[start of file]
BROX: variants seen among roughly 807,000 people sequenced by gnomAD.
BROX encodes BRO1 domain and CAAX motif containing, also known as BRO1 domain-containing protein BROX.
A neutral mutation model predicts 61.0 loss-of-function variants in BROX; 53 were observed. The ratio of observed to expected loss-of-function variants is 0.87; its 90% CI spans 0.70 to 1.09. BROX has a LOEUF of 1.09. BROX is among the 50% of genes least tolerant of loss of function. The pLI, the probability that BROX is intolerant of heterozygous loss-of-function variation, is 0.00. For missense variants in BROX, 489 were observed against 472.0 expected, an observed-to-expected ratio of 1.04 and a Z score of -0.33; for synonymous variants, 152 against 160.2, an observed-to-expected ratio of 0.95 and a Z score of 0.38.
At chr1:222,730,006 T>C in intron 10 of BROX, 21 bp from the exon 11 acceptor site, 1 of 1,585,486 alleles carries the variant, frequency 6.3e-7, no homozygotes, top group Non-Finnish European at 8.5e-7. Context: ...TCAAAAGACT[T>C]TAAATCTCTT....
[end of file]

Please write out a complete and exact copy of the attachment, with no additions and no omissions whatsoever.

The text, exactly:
BROX: variants seen among roughly 807,000 people sequenced by gnomAD.
BROX encodes BRO1 domain and CAAX motif containing, also known as BRO1 domain-containing protein BROX.
A neutral mutation model predicts 61.0 loss-of-function variants in BROX; 53 were observed. The ratio of observed to expected loss-of-function variants is 0.87; its 90% CI spans 0.70 to 1.09. BROX has a LOEUF of 1.09. BROX is among the 50% of genes least tolerant of loss of function. The pLI, the probability that BROX is intolerant of heterozygous loss-of-function variation, is 0.00. For missense variants in BROX, 489 were observed against 472.0 expected, an observed-to-expected ratio of 1.04 and a Z score of -0.33; for synonymous variants, 152 against 160.2, an observed-to-expected ratio of 0.95 and a Z score of 0.38.
At chr1:222,730,006 T>C in intron 10 of BROX, 21 bp from the exon 11 acceptor site, 1 of 1,585,486 alleles carries the variant, frequency 6.3e-7, no homozygotes, top group Non-Finnish European at 8.5e-7. Context: ...TCAAAAGACT[T>C]TAAATCTCTT....